We think therefore Edit
The phrase cogito ergo sum, “I think, therefore I am” was inscribed onto our culture in 1637 by the French soldier cum philosopher Rene Descartes, announcing a dramatic inward turn in the way we think about ourselves. In search of certainty about his own existence, Descartes declared that the act of doubting was itself proof that we exist. To doubt is to think and to think is to be. From Descartes on certainty in our existence was rooted in our ability to think, on our own and for ourselves. Thinking for Descartes was a creative act, an inner construction of order, collecting and bringing together ideas, which was not just proof of our existence but a source of self-esteem and dignity.
The spreading net of vastly cheaper communications and computing, combined with new highly social and collaborative forms of organisations means that we are moving from “I think, therefore I am” into an era in which “we think, therefore we are.”
Creativity is invariably not an individualistic activity but a collaborative one that thrives when people share and mix their ideas. Creativity emerges from how we think together. The manner in which we organise ourselves to think together - how we publish, debate, test, refine and reject ideas – is critical. Creative thought is not just the product of Descartes’ inner journey, a flash of insight inside the head of a gifted person. It usually comes from creative interaction between people. The mass collaborations profiled in this book are experiments in we-think: finding new ways for people to combine their ideas together. Wikipedia is the shared creation of thousands of contributors. The mountain bike came into being through shared innovation among hundreds of riders before the big bike manufacturers came on the scene. Linux has grown by orchestrating contributions from thousands of bug reporters and programmers. Computer games thrive on the mass innovation of the players. Most of eBay’s best business ideas came from its community of users. Most large scientific projects depend on international collaboration among independent teams. This generation’s motto will be: we think, therefore we are.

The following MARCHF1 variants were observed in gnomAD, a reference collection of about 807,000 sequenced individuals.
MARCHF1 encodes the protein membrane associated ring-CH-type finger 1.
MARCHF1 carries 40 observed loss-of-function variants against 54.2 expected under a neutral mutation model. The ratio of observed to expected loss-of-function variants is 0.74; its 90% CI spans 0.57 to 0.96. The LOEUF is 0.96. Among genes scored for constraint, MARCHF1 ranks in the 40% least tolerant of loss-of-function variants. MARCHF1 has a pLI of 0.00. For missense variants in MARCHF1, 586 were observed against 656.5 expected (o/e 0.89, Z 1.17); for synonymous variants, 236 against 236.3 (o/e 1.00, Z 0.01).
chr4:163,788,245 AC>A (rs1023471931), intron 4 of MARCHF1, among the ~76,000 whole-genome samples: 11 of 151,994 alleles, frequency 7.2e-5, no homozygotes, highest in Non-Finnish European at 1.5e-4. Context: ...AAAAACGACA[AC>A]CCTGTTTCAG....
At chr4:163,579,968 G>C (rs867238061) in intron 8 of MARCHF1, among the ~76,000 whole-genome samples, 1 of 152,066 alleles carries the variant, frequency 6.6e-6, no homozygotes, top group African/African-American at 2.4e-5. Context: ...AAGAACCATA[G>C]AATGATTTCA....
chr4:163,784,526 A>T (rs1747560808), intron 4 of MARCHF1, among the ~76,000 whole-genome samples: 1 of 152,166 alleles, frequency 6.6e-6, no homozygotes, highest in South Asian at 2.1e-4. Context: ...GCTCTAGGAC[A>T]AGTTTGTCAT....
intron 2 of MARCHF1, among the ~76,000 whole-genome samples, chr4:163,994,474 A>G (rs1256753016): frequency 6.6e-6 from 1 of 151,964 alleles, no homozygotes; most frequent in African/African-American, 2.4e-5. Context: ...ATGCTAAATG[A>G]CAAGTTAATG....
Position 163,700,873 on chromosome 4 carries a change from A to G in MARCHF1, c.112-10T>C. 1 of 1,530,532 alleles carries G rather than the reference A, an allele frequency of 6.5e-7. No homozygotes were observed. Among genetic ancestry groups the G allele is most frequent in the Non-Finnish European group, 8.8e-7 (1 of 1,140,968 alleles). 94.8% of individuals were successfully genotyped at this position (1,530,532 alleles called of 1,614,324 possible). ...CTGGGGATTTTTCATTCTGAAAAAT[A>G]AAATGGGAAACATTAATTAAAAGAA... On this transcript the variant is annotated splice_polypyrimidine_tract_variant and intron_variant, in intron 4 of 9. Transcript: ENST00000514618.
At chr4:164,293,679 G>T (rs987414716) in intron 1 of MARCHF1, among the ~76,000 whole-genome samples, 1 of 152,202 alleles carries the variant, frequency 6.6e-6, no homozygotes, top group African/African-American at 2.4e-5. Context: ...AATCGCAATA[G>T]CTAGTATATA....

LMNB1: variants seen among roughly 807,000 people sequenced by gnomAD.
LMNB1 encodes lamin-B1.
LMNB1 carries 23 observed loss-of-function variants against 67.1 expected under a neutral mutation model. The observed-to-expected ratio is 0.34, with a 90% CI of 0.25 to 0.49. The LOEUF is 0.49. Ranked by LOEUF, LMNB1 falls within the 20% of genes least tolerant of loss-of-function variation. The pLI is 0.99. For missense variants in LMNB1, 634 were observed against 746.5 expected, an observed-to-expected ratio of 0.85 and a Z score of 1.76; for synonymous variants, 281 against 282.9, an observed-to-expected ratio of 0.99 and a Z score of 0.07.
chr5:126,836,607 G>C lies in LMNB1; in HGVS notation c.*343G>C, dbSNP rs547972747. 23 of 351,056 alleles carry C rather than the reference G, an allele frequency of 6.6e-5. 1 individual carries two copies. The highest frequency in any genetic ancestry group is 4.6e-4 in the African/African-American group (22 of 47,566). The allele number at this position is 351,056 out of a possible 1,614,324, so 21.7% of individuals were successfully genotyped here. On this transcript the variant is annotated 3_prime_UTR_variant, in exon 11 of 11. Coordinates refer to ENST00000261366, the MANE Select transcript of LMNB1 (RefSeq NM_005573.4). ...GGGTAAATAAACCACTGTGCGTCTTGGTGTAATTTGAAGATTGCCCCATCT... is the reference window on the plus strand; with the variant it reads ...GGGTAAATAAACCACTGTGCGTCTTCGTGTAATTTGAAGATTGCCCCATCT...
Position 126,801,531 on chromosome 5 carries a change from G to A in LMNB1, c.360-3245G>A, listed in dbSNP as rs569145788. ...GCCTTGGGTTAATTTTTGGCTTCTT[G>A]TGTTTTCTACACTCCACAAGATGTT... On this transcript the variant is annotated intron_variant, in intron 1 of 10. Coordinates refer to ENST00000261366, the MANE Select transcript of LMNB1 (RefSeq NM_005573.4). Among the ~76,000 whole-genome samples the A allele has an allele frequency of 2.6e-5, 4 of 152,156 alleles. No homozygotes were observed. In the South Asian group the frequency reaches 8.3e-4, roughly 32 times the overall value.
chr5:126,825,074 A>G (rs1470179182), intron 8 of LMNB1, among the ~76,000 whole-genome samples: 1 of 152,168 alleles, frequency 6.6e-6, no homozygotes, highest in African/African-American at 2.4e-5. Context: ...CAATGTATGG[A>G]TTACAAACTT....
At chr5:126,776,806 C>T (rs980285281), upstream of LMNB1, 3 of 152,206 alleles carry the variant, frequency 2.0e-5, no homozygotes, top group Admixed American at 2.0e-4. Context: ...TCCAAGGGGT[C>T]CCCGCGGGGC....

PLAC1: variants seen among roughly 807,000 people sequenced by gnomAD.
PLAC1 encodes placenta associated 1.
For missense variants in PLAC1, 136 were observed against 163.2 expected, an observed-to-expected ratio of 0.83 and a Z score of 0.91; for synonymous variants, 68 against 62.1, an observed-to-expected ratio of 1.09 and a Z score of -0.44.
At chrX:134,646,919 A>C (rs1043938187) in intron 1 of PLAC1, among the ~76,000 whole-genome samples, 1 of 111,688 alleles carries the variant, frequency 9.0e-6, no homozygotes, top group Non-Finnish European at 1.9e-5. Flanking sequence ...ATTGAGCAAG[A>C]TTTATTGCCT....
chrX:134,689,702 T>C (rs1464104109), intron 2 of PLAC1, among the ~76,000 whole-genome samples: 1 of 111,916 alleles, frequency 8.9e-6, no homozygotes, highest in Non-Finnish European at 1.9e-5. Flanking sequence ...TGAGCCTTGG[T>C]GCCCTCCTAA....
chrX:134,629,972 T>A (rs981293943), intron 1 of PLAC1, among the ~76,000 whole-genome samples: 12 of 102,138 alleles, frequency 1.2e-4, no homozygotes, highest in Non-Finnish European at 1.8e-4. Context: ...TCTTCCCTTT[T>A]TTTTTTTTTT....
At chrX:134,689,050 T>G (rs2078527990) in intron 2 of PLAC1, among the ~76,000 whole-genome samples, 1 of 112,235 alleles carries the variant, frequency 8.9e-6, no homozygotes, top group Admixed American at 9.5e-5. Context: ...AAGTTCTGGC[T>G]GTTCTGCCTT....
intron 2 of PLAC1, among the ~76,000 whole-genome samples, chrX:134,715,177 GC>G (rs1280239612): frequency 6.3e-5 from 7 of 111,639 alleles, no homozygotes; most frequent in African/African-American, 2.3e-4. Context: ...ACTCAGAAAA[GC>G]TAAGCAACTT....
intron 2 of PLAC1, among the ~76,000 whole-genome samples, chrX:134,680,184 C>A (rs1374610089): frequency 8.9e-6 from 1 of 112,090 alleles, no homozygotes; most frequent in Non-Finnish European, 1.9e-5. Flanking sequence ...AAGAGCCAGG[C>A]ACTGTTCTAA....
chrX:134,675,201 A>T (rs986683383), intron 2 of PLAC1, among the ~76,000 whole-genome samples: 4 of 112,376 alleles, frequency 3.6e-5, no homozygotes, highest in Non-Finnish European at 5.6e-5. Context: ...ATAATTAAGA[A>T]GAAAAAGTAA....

That is a huge challenge to the way we assume new ideas are created. We are used to thinking that innovation and new ideas come from special people, often working in special places, wearing special clothes: the boffin, in his white coat in the lab; the artist, in his smock, in the studio; the zany inventor, barely clean, in his garage; the loft living bohemian wandering the cultural quarter. The implication of these caricatures of the creative class is clear: if you want more creativity in your city, society or company, you need more people and places like this. Creativity thrives when special people work in special places: bring on the creative class.
Yet innovation and creativity are becoming increasingly distributed, emerging from many, often unexpected, sources thanks to rising educational attainments, spreading communications and cheaper technology. As more people acquire the capacity to express and share their creativity so they will find new ways to be creative together. Creativity will emerge not just from specially gifted individuals, but from creative collaborations bringing together different ideas and points of view. We are schooled to think that new ideas come freshly minted out of the heads of specially gifted individuals, lone inventors. We are moving into an era when new ideas more often will emerge through collaboration. They will be the products of shared authorship.